Mark Francis is Professor in the Department of Philosophy and Political Science at the University of Canterbury, Christchurch, New Zealand. He has been Fowler Hamilton Senior Research Fellow at Christ Church, Oxford, and Rutherford Scholar at Trinity College, Cambridge. His publications include Herbert Spencer and the Invention of Modern Life (Cornell University Press, 2007); ‘Social Darwinism and the Construction of Institutionalized Racism in Australia’, Journal of Australian Studies, 50/1 (1996); and Governors and Settlers: Images of Authority in the British Colonies, 1820–1860 (Cambridge Commonwealth Series, 1992). He is currently engaged in research projects on non-Darwinian evolutionary psychology and on the history of philosophy.
David Godden (PhD McMaster University, 2004) is Assistant Professor of Philosophy at Old Dominion University, with research interests in epistemology, the theory of rationality, reasoning and argument, the theory of evidence, the history and philosophy of logic, and twentieth-century analytic philosophy. His article ‘Psychologism in the Logic of John Stuart Mill: Mill on the Subject Matter and Foundations of Ratiocinative Logic’ appeared in History and Philosophy of Logic (2005). He has published on a wide variety of topics including psychologism, Quine’s holism, corroborative evidence, common knowledge, presumption and argumentation schemes, and his work has appeared in journals such as Synthese, Argumentation, Ratio Juris, Philosophy & Rhetoric, and Informal Logic.
Gordon Graham is Henry Luce III Professor of Philosophy and the Arts at Princeton Theological Seminary, where he is also Director of the Center for the Study of Scottish Philosophy. He was formerly Regius Professor of Moral Philosophy at the University of Aberdeen and is founding editor of the Journal of Scottish Philosophy. He is the editor of Scottish Philosophy After the Enlightenment: A History of Scottish Philosophy, volume ii (OUP, forthcoming).
Jeremy Gray is Professor of the History of Mathematics at the Open University, and Honorary Professor at the University of Warwick, where he lectures on the history of mathematics.
Gary Hatfield is Adam Seybert Professor in Moral and Intellectual Philosophy at the University of Pennsylvania. He has published extensively on the history of modern (p. xi) philosophy and the history and philosophy of psychology from the medieval period into the twentieth century, including The Natural and the Normative: Theories of Spatial Perception from Kant to Helmholtz (1990), Descartes and the Meditations (2003), and Perception and Cognition: Essays in the Philosophy of Psychology (2009). He recently co-edited a volume with Sarah Allred, entitled Visual Experience: Sensation, Cognition, and Constancy (2012).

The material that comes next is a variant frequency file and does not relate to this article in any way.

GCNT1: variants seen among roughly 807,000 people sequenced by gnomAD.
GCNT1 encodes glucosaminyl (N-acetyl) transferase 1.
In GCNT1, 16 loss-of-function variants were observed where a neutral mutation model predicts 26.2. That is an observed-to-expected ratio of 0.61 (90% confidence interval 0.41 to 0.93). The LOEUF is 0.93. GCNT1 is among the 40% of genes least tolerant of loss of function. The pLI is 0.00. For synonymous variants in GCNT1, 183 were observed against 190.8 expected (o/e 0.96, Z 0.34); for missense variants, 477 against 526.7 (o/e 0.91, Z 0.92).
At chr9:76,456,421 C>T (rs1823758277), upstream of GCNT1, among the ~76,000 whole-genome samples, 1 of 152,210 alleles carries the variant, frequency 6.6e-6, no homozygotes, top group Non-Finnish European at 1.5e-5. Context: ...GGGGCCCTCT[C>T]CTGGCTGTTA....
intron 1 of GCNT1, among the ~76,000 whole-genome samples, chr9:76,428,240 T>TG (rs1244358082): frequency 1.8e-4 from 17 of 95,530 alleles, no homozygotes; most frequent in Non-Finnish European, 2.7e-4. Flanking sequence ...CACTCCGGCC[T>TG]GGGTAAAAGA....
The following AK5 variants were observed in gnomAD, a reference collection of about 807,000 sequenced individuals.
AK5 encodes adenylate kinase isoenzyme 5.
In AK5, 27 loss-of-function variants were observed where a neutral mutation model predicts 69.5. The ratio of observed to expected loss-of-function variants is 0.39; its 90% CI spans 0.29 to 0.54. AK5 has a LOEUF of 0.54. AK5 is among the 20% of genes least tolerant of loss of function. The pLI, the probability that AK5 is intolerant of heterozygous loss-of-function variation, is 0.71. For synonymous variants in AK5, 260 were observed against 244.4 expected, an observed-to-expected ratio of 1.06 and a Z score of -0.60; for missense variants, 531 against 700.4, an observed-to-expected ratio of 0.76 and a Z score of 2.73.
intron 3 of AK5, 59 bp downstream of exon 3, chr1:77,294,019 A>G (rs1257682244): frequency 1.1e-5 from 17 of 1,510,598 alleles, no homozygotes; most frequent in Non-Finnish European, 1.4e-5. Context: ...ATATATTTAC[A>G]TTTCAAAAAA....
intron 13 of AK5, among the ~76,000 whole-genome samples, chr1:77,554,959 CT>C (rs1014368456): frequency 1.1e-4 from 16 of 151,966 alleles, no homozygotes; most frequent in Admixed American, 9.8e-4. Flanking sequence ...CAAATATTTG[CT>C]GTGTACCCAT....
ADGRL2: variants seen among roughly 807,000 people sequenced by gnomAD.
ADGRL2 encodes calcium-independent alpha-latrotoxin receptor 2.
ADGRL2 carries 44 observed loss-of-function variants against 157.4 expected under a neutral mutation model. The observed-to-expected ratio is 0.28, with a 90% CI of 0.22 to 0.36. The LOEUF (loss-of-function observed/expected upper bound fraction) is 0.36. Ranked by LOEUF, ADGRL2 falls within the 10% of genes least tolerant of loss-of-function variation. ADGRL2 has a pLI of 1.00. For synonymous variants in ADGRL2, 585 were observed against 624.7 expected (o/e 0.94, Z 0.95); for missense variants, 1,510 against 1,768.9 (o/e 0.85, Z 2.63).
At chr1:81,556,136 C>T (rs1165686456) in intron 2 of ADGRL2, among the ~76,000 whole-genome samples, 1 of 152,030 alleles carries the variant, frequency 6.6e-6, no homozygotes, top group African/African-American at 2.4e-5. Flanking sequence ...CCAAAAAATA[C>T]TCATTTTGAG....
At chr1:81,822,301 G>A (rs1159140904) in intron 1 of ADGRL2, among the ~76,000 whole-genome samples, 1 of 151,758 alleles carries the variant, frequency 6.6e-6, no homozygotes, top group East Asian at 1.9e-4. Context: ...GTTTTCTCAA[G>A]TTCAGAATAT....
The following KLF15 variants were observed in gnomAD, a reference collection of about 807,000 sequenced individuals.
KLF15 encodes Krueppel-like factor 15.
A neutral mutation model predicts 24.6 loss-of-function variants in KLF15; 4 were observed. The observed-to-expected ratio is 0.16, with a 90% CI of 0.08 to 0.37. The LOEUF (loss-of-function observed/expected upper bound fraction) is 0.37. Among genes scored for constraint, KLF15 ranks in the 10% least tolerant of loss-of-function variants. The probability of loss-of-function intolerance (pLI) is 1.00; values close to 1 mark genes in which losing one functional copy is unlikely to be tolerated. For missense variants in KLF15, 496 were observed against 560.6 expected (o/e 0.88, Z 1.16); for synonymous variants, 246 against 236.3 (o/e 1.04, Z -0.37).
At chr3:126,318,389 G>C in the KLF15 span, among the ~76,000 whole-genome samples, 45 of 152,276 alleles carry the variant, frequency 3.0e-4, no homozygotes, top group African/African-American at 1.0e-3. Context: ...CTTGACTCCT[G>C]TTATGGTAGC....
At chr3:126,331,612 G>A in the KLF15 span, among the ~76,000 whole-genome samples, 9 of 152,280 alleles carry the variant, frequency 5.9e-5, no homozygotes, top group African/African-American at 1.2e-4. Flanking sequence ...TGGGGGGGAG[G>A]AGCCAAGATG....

Jenny Keefe has been Assistant Professor of Philosophy at the University of Wisconsin-Parkside since 2008. Her research interests include British Idealism and Scottish philosophy. She is the author of articles on J. F. Ferrier’s philosophy and the editor of James Frederick Ferrier: Selected Writings (2011).
Anthony Kenny is one of Britain’s most distinguished academics and philosophers. He has been Pro-Vice-Chancellor of the University of Oxford, Master of Balliol College, and President of the British Academy. He is particularly well known for his work on Aristotle, Aquinas, Descartes, and Wittgenstein. He has also published acclaimed books on the philosophy of mind and action and the philosophy of religion.
David Leopold is University Lecturer in Political Theory, University of Oxford, and John Milton Fellow, Mansfield College, Oxford. He has research interests in contemporary political philosophy and the history of political thought (especially nineteenth-century European political thought). His publications include The Young Karl Marx: German Philosophy, Modern Politics, and Human Flourishing (Cambridge, 2007).
W. J. Mander is Lecturer in Philosophy at Oxford University, where he is also Fellow of Harris Manchester College. He is the author of British Idealism: A History (OUP, 2011).